Posted: 28th March 2019 | Written by: Lars Lippuner
With 318 computers, 485 screens and 35,000m of data cable installed, work is progressing rapidly at Solent University’s main campus in Southampton on the construction of the new ship and port simulation centre for its Warsash School of Maritime Science and Engineering.
When it opens its doors in June 2019 it will be the UK’s largest and most sophisticated maritime simulation centre, complete with eight full mission bridge simulators, over 50 part task simulators, a full mission engineering room simulator, HV simulators, liquid cargo simulators, on- and off-shore crane simulators, GMDSS radio communications and VTS suites, DP simulators and four multi-purpose desktop simulation classrooms.
All simulators will be wired for joint exercises between bridge and engine compartments or ship and shore. The simulation centre will make hundreds of ship models available for the cadets and maritime professionals who come to train each year.
However, it doesn't stop there. “The simulation centre, part of an overall investment of more than £43m into maritime education and training facilities, has been designed with the future in mind.” says Lars Lippuner, Head of Commercial Operations at the University’s Warsash School of Maritime Science and Engineering.
“It will feature a ‘Virtual Shipyard', to test ships which are in the process of being designed or being built, or to create digital twins of existing ships. This allows officers to train in a virtual environment that mirrors their own workplace, further enhancing the experience.”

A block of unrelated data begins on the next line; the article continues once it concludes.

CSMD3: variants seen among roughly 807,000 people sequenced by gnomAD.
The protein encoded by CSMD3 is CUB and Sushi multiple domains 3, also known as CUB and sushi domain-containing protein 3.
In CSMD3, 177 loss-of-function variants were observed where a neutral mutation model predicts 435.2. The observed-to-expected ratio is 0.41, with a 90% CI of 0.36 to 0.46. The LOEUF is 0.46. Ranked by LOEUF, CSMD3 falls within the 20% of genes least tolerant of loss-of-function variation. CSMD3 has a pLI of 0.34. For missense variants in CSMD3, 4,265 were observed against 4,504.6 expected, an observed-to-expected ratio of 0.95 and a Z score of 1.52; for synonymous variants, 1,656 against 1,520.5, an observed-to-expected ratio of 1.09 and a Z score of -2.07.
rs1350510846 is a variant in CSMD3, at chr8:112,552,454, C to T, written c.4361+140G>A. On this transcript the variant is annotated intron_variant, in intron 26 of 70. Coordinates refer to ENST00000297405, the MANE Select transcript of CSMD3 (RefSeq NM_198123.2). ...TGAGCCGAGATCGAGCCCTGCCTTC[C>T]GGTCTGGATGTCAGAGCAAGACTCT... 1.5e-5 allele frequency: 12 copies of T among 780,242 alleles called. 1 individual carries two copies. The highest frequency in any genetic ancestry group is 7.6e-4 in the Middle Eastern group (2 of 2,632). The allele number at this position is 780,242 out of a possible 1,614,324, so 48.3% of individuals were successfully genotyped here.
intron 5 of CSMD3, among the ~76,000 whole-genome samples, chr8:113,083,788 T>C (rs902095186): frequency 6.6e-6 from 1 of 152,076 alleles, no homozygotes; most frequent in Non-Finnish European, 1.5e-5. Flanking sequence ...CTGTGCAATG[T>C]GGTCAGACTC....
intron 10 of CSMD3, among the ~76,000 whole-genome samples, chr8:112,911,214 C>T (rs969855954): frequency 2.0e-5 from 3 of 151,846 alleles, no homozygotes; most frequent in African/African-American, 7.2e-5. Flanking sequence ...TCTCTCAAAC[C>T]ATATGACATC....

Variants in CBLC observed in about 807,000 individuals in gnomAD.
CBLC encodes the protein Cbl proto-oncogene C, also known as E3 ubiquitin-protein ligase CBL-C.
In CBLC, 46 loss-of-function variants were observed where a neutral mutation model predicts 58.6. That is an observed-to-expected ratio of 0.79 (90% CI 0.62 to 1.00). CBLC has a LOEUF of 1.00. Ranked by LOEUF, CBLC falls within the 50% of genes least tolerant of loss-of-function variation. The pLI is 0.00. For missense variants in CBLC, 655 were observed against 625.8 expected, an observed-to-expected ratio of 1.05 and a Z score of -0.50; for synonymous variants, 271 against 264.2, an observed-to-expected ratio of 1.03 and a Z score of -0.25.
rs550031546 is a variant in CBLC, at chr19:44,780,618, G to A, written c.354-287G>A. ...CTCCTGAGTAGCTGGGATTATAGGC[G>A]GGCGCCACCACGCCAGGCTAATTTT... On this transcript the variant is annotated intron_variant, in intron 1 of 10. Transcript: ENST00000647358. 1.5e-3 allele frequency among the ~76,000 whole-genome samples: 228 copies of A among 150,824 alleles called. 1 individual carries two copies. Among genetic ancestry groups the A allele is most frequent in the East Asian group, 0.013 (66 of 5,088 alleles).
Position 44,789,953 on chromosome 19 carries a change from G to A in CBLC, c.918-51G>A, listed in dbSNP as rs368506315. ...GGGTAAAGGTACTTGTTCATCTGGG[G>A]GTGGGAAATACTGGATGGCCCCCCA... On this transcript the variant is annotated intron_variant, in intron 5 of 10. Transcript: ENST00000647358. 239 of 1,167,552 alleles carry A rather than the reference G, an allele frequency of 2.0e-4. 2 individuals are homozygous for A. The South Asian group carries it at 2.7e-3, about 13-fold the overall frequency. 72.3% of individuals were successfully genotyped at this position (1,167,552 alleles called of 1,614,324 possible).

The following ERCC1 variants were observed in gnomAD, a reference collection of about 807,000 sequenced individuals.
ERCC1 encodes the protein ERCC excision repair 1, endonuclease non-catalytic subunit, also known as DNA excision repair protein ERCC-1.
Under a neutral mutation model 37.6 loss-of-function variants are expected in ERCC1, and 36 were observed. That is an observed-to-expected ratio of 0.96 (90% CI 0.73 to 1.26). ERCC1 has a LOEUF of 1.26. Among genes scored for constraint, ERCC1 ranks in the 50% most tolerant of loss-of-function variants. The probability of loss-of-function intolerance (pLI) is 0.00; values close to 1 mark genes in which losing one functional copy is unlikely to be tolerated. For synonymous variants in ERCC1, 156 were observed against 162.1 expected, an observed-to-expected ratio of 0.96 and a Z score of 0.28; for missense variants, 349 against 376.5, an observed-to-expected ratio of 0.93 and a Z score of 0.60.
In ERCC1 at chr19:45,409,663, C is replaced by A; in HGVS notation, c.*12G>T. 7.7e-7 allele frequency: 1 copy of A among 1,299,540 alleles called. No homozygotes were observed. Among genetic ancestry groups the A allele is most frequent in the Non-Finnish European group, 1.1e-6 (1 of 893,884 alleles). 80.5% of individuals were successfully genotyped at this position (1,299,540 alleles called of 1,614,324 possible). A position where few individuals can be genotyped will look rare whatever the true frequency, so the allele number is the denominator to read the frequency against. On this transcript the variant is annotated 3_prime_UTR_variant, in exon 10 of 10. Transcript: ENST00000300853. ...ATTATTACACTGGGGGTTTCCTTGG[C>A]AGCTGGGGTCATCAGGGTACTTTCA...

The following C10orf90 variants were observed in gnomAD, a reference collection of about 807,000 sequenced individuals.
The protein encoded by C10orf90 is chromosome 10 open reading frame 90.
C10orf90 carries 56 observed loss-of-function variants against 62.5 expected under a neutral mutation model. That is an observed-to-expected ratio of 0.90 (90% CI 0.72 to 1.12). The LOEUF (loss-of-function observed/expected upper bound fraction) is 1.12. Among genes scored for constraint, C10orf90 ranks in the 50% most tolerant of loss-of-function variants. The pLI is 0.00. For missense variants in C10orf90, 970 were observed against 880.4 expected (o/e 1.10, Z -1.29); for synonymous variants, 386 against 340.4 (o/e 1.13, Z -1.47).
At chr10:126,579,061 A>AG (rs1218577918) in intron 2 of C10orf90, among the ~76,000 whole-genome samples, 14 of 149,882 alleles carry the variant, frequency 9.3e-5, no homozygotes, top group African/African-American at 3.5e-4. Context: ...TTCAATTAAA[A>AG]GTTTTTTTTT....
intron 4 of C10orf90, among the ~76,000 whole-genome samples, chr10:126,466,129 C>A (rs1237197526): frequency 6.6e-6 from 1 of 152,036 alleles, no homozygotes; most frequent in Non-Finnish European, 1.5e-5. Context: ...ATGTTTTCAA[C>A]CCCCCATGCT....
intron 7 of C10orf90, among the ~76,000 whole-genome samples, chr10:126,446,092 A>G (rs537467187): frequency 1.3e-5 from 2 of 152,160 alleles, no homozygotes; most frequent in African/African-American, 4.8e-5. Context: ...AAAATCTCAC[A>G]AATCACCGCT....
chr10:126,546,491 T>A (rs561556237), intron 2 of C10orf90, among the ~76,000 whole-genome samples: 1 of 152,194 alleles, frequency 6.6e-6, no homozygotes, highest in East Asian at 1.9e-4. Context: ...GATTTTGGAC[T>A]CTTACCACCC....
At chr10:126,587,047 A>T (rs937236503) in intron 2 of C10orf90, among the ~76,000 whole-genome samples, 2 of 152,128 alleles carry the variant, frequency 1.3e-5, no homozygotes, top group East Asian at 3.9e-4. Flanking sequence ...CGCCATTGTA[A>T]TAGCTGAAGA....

The simulation centre will also play a pivotal role in the University’s maritime research - from Sea Traffic Management to the machine execution of COLREGS, and further studies looking at navigational safety and the human-machine interface and operations, all key questions facing the maritime industry.
“Digital systems are key to the successful future of the maritime industry and with that comes an undeniable demand for digital skills across the maritime workforce.” continues Lars. “In a fast evolving world it is crucial that students receive the best educational foundation in their initial studies, and are able to expand on it through continuous learning throughout their professional careers - the new simulation centre will do exactly that.”
The investment into new maritime facilities began with new cadet training facilities, opened in January 2018 by HRH The Princess Royal, who is also the Master of the seafarers' charity Trinity House. The new surroundings have proven very popular with cadets and lecturers alike.
“Future-proofing our cadets, including many of whom are lucky to be supported by the Trinity House Merchant Navy Scholarship Scheme (MNSS), and providing the best possible support for our students are key aspects of our investment.” Lars insists.
A good example is educational technology in the classrooms: The lecturer’s voice and everything that is displayed and written on the 64” interactive screens is recorded and automatically uploaded to the cadets' online virtual learning environment. That way all cadets can fully concentrate and engage during lessons, rather than simply focusing on note-taking. It also allows cadets to revisit a part of a lecture at their own speed and, crucially, ahead of the all-important MCA oral exams.
For lessons containing more ‘show and tell’ such as explanations of various engineering equipment or demonstrations of chart work, HD cameras are installed which display the content on the screens and which, yet again, are uploaded to the online environment, supporting in-class education.